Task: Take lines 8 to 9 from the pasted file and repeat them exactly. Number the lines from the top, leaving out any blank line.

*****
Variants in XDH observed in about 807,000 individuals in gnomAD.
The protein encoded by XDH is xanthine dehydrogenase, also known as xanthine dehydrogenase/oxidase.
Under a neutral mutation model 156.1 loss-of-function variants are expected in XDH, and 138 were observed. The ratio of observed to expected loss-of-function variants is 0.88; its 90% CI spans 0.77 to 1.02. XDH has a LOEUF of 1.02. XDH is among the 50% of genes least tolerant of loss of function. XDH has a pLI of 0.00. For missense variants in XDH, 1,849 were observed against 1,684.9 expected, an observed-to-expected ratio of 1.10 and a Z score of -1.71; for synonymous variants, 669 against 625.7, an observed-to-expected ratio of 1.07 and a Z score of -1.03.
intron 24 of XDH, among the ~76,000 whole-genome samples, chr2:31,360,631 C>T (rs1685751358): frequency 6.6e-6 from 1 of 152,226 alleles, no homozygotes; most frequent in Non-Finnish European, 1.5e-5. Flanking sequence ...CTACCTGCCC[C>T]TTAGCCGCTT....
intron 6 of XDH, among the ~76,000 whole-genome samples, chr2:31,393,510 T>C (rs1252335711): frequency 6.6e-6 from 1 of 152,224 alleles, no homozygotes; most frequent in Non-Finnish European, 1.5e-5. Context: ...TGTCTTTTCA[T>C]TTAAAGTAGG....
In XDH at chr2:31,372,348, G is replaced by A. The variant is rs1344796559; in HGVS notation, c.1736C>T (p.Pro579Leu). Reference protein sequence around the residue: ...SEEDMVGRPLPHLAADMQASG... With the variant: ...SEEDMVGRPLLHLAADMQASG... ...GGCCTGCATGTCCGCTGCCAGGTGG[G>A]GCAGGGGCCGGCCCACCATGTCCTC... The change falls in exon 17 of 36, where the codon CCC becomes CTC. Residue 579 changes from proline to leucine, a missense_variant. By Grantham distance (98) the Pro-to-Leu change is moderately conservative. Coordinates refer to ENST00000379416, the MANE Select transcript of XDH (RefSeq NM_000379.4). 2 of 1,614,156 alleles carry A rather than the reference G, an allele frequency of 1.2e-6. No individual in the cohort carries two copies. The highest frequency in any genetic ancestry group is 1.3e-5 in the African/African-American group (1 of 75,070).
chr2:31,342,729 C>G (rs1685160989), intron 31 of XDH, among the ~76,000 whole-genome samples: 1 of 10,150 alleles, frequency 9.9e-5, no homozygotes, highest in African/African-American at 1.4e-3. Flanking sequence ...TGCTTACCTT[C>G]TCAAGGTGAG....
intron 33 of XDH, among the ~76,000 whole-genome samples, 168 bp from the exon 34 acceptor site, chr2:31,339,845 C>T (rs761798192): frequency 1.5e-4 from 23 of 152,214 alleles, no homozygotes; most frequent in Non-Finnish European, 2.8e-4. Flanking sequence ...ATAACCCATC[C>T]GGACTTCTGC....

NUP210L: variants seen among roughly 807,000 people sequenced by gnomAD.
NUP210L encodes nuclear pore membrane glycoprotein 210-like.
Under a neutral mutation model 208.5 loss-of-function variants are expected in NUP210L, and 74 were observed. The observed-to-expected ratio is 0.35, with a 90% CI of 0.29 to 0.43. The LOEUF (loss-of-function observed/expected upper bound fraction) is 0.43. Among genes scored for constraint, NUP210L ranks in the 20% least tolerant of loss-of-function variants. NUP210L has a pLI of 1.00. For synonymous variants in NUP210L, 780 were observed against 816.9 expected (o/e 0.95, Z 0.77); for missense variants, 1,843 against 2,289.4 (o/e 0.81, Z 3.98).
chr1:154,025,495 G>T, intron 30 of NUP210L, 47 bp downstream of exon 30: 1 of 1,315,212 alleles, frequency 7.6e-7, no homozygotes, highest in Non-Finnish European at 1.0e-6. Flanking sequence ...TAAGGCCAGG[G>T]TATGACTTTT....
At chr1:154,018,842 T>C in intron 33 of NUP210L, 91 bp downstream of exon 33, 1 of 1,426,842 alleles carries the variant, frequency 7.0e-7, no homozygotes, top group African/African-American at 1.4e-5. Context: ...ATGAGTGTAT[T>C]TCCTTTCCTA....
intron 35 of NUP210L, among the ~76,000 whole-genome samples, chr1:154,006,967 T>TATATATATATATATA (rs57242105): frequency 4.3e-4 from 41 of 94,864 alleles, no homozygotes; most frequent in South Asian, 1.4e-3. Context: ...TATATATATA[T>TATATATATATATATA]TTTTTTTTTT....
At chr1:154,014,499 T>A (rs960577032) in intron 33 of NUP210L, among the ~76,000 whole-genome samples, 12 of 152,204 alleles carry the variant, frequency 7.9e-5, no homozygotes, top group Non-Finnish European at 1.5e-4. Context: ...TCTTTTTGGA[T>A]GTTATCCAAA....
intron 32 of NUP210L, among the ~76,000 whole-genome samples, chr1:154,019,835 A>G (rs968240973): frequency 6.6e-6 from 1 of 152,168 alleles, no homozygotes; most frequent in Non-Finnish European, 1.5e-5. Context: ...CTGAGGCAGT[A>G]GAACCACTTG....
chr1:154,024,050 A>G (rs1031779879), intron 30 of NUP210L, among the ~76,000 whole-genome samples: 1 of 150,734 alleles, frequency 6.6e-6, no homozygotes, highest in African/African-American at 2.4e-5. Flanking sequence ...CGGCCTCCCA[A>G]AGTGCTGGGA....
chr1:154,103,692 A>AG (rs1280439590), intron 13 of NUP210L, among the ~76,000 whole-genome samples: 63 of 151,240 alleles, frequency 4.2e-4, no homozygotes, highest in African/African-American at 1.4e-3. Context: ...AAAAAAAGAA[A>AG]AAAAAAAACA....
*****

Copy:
intron 33 of XDH, among the ~76,000 whole-genome samples, 168 bp from the exon 34 acceptor site, chr2:31,339,845 C>T (rs761798192): frequency 1.5e-4 from 23 of 152,214 alleles, no homozygotes; most frequent in Non-Finnish European, 2.8e-4. Flanking sequence ...ATAACCCATC[C>T]GGACTTCTGC....

NUP210L: variants seen among roughly 807,000 people sequenced by gnomAD.